The raw depth data stream is processed inside HoloLens and converted to the spatial mapping data with a preset number of triangles per cubic meter. The distances between the device and object surfaces have practically no effect.

    Theorectically possible, but in practice not easy task. In order to align a virtual object with a real object, e.g. a gymball, we have to know the shape, size, position, and rotation of the real object by processing the spatial mapping data. Only if then, we can select, scale, translate, and rotate the corresponding hologram onto the real object surface.

  • @DanglingNeuron said:
    Currently you can manually place your hologram over the real world object and then anchor it to the world so its fixed. So its a work around but will give you the result that you need. of course this requires that your real world object doesnt move or rotate.

    The only way I've been able to do this is through 3D viewer beta. Unfortunately, the clipping plane is only about a foot, so I can't get up close to my hologram. This creates problems with what I am trying to do. Is there a way to visualize holograms with a reduced clipping plane without building my own app in unity?

    @CurvSurf You've been so helpful, any chance you might have a suggestion for this as well? :)

  • CurvSurfCurvSurf ✭✭
    edited October 2016

    HoloLens will not provide spatial mapping data closer than the reach of user's hands. Otherwise, there will be a bunch of practical problems from the side of hardware and software.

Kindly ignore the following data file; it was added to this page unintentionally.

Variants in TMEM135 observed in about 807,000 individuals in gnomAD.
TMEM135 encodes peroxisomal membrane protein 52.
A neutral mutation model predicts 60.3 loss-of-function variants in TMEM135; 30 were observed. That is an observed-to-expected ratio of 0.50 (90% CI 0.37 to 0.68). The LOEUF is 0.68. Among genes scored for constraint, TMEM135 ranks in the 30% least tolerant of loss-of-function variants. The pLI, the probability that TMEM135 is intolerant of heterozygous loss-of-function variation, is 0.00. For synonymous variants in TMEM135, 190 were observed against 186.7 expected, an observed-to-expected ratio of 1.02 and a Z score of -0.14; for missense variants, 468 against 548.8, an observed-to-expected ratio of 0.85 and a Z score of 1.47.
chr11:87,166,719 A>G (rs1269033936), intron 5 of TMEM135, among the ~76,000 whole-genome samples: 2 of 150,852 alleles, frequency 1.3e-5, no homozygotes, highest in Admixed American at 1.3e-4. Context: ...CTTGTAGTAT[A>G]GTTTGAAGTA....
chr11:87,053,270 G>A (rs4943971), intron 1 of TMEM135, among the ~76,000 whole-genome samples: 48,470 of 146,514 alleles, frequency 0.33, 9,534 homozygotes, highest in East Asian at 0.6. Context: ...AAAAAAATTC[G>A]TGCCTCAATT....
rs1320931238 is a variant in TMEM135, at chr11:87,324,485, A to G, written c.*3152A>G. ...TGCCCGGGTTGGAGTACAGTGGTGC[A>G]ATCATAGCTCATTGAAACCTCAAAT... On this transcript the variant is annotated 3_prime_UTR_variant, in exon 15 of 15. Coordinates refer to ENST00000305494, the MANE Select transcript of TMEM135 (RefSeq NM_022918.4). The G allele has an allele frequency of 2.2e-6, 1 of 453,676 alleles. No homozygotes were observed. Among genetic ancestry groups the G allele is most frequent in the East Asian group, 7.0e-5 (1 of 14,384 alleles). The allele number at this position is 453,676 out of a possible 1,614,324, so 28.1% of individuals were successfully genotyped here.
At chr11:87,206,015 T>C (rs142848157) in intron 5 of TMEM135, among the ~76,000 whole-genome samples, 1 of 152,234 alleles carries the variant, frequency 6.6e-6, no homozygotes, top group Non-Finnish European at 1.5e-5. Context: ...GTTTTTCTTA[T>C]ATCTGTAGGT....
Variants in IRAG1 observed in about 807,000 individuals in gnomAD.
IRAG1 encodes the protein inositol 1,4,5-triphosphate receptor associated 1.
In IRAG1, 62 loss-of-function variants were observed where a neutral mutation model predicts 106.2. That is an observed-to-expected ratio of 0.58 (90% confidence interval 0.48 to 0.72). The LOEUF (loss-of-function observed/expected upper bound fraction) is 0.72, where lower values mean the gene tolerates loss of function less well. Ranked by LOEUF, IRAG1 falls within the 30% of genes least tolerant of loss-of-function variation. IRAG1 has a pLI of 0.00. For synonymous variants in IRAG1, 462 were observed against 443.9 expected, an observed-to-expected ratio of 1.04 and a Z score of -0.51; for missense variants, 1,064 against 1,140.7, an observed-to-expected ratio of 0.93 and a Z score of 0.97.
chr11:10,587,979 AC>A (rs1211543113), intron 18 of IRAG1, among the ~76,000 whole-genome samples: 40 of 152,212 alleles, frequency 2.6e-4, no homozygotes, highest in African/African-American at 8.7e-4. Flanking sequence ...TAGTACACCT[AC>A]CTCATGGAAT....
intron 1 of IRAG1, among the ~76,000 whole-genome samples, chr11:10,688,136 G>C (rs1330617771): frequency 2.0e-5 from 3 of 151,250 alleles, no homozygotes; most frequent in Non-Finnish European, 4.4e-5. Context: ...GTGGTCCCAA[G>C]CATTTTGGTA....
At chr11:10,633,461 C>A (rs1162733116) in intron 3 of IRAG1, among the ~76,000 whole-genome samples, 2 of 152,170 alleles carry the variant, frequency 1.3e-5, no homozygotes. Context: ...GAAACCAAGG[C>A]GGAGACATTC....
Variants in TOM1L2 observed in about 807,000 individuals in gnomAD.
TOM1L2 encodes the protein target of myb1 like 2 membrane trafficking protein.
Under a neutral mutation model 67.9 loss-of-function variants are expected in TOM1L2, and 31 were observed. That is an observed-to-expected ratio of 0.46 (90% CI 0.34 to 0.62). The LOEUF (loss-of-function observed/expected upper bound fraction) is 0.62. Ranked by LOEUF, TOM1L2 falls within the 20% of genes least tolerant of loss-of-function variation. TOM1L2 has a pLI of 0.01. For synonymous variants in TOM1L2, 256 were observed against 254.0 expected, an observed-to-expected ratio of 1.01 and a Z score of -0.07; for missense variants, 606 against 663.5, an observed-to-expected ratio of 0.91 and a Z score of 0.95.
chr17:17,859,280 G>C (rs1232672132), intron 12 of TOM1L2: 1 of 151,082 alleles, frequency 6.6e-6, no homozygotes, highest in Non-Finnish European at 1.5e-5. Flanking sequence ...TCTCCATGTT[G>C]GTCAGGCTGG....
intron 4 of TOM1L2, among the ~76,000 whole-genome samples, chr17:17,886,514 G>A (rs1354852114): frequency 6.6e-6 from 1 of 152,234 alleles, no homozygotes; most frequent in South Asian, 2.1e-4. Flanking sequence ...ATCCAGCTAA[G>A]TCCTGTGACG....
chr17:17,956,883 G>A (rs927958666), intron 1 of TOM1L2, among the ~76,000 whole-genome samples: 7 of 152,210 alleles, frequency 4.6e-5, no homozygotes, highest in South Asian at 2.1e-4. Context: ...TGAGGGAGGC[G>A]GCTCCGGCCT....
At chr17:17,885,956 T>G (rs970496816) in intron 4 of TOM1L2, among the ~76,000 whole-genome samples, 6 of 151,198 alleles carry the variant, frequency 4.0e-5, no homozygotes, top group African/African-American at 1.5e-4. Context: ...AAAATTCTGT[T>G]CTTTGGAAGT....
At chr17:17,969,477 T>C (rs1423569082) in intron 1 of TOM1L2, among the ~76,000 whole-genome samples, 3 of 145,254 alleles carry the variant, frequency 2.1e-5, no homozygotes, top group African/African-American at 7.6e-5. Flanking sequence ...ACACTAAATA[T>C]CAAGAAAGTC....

We human can determine relatively accurately the lateral distance of an object point and its changes. But, determining the radial distance of an object point? Our stereo-vision has an error-ellipsoid (or error-rhombus) elongated in the radial direction. We can determine relatively accurately the distance between two buildings at the same distance but not the distance.

    We can place a hologram relatively accurately in the lateral but not in the radial direction. We may have to rotate the scene 90 deg horizontally or vertically and repeat again the placement. Then, there will come the next problem of rotational alignment! The placement of a virtual object onto a real object per visual feedback is not earning.

    The machine or algorithm will have no such difficulties.
    Mathematics is about numbers, the all!



  • for precise placement try a xbox one s controller - it works pretty amazing, there is a setup in unity

  • rotation tilt and near interaction are big problems here

    i wonder if its possible to use a external orientation plane for hololens sensor, like a reflective grid... this would work for near interaction.

  • I haven't had a chance to try it out yet, but this seems like a job for the Vuforia integration: https://blogs.windows.com/devices/2016/11/17/innovating-with-microsoft-hololens-vuforia-sdk-is-here/#1rtu5haQTY5Dl8RL.97

  • What about a situation where you could barcode the things you want to automatically apply an interface against? We could recognize a QR code (object id) that's always positioned in a fixed point on the object and then overlay an interface at that reference point?